Solar-powered Water Treatment
NEXUS research is advancing water and wastewater treatments that can be powered by renewable and sustainable solar energy. Solar energy facilities require water for cooling and cleaning purposes and treating water requires energy. The pioneering research capitalizes on this symbiotic relationship. The team of scientists, led by Dr. Sage Hiibel of the University of Nevada, Reno, developed a direct contact membrane distillation (DCMD) process to treat water and wastewater. ‘Dirty’ water is heated and purified water vapor passes through a microporous membrane that repels liquid water. Once through the membrane it condenses into pure water. The system requires energy, in the form of heat, to vaporize the water. The team is building a pilot-scale DCMD located in a mobile trailer, which will be taken to various facilities to treat the water used to clean solar panels and/or mirrors. The trailer is equipped with a solar water heater and photovoltaic panels supply it with some of its electrical needs. It will also serve as an educational demonstration unit to raise STEM awareness. “This research provides a clean water supply from traditional waste water and heat sources, thereby improving both the economics and the water footprint of solar facilities,” Hiibel says.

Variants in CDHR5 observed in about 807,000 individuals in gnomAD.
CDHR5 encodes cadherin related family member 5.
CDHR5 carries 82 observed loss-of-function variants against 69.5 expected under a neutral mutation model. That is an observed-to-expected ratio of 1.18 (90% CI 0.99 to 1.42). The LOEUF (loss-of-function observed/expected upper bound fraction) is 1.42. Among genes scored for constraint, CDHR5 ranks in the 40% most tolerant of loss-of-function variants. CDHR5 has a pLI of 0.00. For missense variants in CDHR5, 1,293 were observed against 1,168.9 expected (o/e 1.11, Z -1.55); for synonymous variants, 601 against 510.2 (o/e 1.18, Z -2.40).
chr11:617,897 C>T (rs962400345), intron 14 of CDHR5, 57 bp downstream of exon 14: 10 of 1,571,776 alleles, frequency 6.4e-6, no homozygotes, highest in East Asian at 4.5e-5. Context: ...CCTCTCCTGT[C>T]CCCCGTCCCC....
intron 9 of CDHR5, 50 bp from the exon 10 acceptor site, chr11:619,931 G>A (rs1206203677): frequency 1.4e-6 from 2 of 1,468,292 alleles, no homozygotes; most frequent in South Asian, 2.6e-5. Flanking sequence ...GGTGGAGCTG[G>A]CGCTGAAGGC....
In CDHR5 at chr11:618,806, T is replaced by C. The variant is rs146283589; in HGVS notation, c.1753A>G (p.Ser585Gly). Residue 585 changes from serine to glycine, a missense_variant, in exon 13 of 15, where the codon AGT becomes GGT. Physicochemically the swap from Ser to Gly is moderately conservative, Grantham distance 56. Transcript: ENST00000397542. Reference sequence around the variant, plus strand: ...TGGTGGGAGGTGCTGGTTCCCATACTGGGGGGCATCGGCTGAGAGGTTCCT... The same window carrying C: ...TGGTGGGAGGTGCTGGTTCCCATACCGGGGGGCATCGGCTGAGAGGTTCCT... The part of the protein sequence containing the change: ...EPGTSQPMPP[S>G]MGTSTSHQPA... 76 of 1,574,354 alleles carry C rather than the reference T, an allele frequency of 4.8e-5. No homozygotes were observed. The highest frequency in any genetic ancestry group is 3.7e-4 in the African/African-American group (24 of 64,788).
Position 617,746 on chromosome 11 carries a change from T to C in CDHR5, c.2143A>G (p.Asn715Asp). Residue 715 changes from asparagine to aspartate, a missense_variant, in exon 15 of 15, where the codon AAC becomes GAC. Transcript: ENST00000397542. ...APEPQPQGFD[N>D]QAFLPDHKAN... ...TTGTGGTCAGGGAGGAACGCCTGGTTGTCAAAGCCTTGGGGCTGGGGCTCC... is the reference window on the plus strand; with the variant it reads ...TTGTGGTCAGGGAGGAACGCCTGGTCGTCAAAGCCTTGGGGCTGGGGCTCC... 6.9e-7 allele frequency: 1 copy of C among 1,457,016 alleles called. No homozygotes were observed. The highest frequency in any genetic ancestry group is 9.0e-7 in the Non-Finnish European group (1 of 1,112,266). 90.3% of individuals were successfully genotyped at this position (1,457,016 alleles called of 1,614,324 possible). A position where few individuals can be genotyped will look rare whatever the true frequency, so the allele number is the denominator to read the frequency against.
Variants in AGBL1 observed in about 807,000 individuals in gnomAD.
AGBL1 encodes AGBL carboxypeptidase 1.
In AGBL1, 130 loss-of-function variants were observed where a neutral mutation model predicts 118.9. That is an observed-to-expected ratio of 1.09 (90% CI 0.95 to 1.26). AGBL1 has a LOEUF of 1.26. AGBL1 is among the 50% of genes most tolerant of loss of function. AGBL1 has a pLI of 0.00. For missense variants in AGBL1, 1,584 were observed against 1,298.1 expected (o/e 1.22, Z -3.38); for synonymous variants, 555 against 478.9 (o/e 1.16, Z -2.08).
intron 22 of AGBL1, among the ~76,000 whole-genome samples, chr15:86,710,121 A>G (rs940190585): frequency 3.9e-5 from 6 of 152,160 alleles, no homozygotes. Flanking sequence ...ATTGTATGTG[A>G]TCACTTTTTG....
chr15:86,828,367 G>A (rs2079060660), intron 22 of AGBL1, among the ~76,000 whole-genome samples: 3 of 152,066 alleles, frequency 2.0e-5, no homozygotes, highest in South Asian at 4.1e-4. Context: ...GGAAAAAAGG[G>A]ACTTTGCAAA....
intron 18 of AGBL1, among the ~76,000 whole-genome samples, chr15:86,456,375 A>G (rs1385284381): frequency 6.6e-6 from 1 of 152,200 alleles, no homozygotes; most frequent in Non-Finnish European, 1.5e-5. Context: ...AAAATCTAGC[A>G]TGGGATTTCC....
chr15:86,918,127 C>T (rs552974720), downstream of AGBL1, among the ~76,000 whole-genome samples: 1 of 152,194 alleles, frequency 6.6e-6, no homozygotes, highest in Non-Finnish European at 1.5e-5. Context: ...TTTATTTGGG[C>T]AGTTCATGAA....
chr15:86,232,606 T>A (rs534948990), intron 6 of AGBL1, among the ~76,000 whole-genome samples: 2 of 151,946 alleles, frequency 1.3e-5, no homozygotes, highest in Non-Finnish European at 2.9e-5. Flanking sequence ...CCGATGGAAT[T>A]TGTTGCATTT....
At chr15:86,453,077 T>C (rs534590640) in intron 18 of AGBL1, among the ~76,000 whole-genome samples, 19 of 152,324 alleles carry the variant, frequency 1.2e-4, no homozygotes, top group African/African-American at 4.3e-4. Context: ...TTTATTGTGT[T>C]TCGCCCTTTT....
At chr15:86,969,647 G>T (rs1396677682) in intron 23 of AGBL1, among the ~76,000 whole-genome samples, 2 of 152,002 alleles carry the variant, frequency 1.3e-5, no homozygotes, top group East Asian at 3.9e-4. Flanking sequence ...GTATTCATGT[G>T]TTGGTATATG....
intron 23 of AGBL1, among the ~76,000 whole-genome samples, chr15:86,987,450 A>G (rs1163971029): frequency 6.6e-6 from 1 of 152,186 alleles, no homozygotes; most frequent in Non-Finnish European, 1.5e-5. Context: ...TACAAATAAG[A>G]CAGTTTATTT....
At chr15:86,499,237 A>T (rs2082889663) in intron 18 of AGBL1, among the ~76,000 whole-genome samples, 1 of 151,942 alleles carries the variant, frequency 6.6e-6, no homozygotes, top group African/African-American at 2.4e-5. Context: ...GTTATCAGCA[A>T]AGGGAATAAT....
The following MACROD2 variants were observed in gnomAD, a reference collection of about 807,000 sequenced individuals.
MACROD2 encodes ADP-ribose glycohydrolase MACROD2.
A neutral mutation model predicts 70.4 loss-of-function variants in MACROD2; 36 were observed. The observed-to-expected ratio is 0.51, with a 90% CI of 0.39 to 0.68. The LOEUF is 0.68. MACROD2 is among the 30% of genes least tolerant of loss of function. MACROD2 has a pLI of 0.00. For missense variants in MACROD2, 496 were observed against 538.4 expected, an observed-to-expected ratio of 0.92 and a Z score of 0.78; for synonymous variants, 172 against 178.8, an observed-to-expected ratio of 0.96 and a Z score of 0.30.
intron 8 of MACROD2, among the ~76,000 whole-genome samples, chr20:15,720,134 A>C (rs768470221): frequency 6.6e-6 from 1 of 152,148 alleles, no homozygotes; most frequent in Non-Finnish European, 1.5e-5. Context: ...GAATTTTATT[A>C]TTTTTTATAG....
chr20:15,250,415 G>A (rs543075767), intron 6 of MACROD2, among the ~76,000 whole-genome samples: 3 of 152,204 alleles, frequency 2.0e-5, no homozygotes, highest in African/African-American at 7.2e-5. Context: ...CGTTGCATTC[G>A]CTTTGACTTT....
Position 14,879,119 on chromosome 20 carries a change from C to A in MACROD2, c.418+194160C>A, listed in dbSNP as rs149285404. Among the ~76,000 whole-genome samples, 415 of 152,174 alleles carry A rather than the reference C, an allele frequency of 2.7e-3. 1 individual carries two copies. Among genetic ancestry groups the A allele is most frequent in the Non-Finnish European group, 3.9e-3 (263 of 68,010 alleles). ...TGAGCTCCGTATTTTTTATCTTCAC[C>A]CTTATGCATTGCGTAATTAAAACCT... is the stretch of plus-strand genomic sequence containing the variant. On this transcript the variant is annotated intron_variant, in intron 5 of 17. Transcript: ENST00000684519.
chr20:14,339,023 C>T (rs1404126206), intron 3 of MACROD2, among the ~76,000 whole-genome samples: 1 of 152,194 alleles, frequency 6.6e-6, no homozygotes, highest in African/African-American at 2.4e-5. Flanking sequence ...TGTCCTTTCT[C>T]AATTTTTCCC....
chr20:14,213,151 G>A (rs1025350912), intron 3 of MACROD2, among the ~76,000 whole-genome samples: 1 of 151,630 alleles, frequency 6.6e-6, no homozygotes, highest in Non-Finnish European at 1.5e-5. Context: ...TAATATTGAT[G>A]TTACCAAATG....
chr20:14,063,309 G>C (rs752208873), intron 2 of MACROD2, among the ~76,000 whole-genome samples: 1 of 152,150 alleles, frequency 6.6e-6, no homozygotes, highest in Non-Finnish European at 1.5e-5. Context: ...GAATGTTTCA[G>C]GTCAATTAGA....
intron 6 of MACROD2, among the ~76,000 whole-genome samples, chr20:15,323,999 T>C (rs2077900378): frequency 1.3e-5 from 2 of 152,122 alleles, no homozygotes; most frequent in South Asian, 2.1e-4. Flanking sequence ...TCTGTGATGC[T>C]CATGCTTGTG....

Why does Solar Energy Require Water?
Both concentrated solar power (CSP) and photovoltaic solar energy facilities require water for cooling. Facilities also need water for washing mirrors and panels, a process that improves the efficiency of solar collection. In wet cooling, water is used to cool the CSP facility and large amounts of water are lost to the atmosphere. Dry cooling techniques, however, use minimal water. NEXUS scientists are currently focused on improving dry cooling techniques and minimizing the costs of implementation. NEXUS researchers are also investigating the use of lower quality waters for cleaning purposes and using solar powered treatment processes for previously used water.
Training the Next Generation of Water Conscious Solar Energy Scientists
Training graduate students in the issues surrounding the nexus of solar energy production, water and the environment is a core mission of the NEXUS project. Regarding water resources, graduate student Syeda Saria Bukhary at the University of Nevada, Las Vegas (UNLV) is using solar power modeling software as a screening tool for solar power investment and UNLV graduate student Alisson Boeing is investigating the use of alternative poorer quality water for cleaning solar panels.”By training students in the interdisciplinary aspects of STEM fields, we are increasing the odds that solar energy production will be a strong, profitable and sustainable form of power in future decades,” says Gayle Dana, Project Director of NEXUS.
Any opinions, findings, and conclusions or recommendations expressed in this material are those of the author(s) and do not necessarily reflect the views of the National Science Foundation.